It was on a gloomy winter’s afternoon at the age of fifteen, teenage angst and unrequited love in full-force, that I had my best Smiths experience. I had been infatuated with the band for a month or so by this point, started via a random purchase of Greatest Hits album Best 1 from the bargain bin at Woolworths, and I was ready to graduate to their masterpiece The Queen Is Dead. As I start the long walk back from HMV in town, I read the lyrics from the CD brochure and savour the anticipation of those words being set to music; hearing those first sounds coming out of the speakers; feeling the irresistible mixture of nerves and excitement as I get ever-closer to my house and CD player. At home, I close the bedroom door behind me and turn the lights off, cutting myself off from the bustle of family and TV downstairs, creating perfect Smiths-listening conditions. About half an hour in, I arrive at the penultimate track. ‘There Is a Light That Never Goes Out’. I fall in love. The mixture of the everyday (‘driving in your car…’) with the philosophical (‘…a heavenly way to die’); the way Morrissey is able, in a couple of lines, to demonstrate the shyness, frustration, and confusion many teens encounter when faced with the objects of their desire (‘…and then a strange fear gripped me and I just couldn’t ask’); the mixture of the ugly (‘and if a ten tonne truck kills the both of us…’) and the beautiful (‘…to die by your side, well the pleasure, the privilege is mine’); it’s the slight pauses before the choruses kick in; the swirl of the strings in the choruses themselves; it’s Morrissey not quite being able to reach the highest note but not re-recording it, making the listener feel at one with him, as if it could be them in that vocal booth instead of him, missing perfection but making it somehow more perfect because of this; it’s the repetition of the title again and again in the outro. Love and loss, hope and despair, alienation and belonging, all crammed into four life-changing and life-affirming minutes. There is, indeed, a Light That Never Goes Out, and for me, it will always be this song, in that moment, on that CD player.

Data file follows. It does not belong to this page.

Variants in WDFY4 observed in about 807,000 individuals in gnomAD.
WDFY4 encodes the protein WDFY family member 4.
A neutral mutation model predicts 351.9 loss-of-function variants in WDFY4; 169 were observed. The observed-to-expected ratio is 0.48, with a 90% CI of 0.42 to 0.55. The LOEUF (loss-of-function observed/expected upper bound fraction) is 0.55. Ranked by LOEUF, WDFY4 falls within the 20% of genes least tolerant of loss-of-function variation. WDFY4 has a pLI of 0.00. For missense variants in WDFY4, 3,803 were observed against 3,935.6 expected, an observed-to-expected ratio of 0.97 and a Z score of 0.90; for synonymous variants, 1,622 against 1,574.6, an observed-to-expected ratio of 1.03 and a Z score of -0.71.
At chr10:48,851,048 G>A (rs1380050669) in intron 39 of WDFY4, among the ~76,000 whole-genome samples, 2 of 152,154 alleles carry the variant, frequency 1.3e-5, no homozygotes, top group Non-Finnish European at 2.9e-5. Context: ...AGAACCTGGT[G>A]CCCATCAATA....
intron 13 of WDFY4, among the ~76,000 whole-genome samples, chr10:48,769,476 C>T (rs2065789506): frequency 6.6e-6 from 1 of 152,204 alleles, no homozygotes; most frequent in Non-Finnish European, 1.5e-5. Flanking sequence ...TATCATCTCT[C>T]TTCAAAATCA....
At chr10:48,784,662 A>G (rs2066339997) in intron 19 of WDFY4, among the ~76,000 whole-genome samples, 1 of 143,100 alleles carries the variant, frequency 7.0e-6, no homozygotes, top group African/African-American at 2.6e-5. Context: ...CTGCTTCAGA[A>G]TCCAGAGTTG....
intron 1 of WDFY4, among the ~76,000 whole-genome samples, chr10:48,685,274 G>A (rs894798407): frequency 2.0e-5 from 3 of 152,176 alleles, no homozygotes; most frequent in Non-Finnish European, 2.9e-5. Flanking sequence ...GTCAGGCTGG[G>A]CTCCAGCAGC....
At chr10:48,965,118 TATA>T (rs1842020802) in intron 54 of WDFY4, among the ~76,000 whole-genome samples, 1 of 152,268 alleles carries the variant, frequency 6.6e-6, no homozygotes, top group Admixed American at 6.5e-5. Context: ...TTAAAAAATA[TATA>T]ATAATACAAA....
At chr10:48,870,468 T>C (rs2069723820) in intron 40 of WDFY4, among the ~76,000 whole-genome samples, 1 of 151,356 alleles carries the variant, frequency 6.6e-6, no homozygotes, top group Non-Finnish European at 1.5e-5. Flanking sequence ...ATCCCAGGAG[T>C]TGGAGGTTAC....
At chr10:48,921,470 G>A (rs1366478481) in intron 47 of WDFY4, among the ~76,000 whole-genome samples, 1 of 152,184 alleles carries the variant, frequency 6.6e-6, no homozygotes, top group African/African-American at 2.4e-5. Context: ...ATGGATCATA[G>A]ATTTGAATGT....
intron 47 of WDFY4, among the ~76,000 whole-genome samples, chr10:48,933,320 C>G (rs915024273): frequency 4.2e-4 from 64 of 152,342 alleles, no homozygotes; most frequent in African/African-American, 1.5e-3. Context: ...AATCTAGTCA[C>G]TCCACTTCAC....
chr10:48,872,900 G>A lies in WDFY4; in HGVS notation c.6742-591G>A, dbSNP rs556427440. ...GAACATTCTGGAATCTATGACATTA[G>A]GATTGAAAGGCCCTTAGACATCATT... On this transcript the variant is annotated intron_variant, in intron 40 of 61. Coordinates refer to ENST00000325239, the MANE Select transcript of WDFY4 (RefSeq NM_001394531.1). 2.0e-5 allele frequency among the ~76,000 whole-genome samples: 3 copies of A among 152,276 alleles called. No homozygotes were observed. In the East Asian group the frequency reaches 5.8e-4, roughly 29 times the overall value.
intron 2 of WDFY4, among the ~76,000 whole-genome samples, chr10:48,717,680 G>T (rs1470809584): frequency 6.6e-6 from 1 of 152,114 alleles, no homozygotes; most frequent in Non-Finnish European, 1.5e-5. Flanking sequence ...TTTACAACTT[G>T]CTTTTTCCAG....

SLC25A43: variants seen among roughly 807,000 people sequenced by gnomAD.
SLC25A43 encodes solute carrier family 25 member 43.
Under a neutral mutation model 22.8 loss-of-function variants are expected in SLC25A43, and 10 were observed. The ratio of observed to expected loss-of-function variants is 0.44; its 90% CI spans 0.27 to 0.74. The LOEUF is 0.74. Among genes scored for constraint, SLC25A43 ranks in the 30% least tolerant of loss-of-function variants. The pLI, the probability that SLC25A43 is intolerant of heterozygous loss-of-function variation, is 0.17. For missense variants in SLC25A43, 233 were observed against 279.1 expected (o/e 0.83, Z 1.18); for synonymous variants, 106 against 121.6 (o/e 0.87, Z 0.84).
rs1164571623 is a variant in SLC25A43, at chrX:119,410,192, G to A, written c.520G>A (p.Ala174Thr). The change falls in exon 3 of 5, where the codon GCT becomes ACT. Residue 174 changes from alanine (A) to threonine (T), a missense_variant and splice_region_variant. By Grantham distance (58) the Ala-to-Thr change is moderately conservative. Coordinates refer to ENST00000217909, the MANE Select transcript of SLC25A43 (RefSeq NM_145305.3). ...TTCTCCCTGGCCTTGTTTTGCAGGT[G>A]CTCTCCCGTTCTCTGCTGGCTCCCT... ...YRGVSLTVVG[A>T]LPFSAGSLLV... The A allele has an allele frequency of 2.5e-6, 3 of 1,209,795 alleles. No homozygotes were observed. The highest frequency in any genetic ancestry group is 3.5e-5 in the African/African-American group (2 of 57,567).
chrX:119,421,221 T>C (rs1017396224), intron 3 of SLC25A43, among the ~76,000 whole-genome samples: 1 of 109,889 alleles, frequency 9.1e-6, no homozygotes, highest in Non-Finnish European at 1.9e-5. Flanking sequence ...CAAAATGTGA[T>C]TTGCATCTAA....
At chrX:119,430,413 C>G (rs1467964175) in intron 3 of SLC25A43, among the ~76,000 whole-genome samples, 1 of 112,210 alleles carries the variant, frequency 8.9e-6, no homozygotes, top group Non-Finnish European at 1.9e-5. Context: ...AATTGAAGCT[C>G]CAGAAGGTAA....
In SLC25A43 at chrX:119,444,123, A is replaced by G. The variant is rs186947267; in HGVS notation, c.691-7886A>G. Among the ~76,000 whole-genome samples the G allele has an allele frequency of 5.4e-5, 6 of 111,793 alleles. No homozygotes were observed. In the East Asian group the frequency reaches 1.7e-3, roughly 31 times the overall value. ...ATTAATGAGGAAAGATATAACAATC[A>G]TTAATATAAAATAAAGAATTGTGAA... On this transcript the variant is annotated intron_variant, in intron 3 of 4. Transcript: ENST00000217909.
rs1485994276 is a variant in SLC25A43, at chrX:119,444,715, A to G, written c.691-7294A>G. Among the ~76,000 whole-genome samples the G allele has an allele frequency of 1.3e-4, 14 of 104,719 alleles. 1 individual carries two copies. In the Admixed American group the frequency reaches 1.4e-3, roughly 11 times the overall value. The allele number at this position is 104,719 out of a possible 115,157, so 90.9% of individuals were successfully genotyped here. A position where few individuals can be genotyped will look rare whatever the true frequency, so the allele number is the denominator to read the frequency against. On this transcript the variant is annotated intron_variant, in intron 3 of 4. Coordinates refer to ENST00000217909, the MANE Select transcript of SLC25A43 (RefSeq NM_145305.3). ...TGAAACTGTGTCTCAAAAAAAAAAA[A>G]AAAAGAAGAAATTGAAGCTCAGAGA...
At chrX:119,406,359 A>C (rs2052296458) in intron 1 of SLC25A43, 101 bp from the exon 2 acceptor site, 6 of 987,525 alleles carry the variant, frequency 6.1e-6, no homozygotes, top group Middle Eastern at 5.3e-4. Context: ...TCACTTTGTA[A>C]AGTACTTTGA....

January 2020 Competition Results – Paul Newsome Adjudication

Founder of The Self Publishing Studio, Paul Newsome, kindly agreed to adjudicate the January competition.

Paul explained it was a really tough choice, however the winner was, for him, the stand out piece.

The competition brief for January 2020 was: